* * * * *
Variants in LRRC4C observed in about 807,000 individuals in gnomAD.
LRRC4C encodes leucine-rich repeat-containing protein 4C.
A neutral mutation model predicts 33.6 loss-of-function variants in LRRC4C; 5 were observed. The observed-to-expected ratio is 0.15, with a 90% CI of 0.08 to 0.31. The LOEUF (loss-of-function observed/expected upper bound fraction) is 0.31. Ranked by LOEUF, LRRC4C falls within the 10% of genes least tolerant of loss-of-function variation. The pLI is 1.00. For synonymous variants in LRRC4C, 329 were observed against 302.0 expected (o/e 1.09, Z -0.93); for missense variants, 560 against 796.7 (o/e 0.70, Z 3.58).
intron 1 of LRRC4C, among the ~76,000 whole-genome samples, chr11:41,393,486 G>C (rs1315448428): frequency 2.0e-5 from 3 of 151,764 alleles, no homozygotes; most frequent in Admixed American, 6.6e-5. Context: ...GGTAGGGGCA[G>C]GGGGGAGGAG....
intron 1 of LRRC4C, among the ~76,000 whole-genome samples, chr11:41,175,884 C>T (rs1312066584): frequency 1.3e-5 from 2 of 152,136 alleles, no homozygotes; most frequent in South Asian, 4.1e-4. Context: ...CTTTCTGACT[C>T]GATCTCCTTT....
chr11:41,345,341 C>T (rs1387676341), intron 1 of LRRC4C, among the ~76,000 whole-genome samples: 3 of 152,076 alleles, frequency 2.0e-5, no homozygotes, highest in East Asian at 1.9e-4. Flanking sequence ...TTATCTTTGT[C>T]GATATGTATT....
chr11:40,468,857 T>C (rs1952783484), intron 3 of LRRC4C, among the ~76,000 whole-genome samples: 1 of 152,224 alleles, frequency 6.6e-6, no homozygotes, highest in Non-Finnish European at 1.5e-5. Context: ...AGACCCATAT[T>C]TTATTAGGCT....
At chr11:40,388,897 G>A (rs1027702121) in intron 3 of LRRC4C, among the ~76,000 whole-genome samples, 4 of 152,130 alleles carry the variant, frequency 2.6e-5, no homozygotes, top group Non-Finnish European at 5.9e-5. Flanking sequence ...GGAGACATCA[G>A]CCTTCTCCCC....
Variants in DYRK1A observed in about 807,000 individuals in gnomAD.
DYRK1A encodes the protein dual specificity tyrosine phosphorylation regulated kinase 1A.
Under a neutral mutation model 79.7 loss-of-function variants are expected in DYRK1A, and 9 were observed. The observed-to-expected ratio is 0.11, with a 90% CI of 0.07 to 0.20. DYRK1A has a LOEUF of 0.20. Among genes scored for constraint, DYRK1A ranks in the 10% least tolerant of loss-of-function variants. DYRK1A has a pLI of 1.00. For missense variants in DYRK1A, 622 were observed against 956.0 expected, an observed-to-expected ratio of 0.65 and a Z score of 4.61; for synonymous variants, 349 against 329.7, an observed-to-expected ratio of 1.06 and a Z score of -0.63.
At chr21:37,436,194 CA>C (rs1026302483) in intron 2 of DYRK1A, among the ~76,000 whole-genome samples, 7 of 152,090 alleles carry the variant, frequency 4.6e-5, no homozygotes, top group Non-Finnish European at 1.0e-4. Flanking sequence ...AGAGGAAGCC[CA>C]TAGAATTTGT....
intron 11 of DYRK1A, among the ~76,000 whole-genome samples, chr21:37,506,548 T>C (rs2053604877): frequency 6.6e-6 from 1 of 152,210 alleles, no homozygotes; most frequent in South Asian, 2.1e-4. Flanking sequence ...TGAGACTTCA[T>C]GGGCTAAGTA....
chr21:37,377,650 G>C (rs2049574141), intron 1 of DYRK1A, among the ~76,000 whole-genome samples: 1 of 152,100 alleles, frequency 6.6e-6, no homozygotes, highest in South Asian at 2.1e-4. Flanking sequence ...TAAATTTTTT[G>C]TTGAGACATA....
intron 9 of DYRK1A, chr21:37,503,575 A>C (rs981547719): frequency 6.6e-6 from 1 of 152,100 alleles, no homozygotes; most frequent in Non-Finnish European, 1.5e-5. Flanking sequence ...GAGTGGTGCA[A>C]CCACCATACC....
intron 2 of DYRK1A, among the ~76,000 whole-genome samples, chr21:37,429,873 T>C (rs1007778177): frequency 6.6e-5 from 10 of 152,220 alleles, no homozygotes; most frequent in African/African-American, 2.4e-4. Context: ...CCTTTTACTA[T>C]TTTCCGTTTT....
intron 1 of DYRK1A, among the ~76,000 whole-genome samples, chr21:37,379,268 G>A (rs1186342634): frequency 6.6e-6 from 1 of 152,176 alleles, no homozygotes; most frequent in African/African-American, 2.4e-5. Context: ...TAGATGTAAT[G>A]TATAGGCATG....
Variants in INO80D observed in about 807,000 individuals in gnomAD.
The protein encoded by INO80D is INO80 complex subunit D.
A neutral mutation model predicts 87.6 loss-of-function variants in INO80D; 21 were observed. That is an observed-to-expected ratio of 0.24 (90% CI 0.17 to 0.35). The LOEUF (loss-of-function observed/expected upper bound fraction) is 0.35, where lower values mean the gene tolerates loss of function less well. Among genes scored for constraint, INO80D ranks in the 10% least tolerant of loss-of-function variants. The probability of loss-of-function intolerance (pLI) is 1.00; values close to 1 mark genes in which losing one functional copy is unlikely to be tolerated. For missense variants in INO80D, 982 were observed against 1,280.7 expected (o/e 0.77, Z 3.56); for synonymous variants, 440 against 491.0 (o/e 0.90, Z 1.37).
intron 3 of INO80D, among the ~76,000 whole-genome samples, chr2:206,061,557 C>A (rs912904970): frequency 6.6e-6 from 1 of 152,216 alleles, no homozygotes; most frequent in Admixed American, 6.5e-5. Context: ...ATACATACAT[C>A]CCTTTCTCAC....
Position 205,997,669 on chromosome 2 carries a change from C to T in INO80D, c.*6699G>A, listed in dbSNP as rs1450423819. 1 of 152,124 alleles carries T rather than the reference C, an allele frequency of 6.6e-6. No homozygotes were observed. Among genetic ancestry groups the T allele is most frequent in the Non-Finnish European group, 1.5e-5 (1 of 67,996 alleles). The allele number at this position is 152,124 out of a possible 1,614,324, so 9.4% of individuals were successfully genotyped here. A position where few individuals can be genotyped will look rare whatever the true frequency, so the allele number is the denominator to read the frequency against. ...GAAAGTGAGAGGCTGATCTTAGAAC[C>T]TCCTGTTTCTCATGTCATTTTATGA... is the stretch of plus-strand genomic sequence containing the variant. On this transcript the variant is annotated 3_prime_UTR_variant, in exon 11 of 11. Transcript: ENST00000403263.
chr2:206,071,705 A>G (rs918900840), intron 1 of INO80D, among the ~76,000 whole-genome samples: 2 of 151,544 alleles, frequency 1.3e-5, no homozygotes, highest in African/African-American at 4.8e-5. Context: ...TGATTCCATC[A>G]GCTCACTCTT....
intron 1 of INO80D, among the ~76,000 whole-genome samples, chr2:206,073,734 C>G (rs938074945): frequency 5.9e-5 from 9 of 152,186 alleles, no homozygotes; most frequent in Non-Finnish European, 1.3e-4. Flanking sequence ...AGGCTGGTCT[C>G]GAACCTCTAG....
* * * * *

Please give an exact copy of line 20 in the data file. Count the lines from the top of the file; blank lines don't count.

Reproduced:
A neutral mutation model predicts 87.6 loss-of-function variants in INO80D; 21 were observed. That is an observed-to-expected ratio of 0.24 (90% CI 0.17 to 0.35). The LOEUF (loss-of-function observed/expected upper bound fraction) is 0.35, where lower values mean the gene tolerates loss of function less well. Among genes scored for constraint, INO80D ranks in the 10% least tolerant of loss-of-function variants. The probability of loss-of-function intolerance (pLI) is 1.00; values close to 1 mark genes in which losing one functional copy is unlikely to be tolerated. For missense variants in INO80D, 982 were observed against 1,280.7 expected (o/e 0.77, Z 3.56); for synonymous variants, 440 against 491.0 (o/e 0.90, Z 1.37).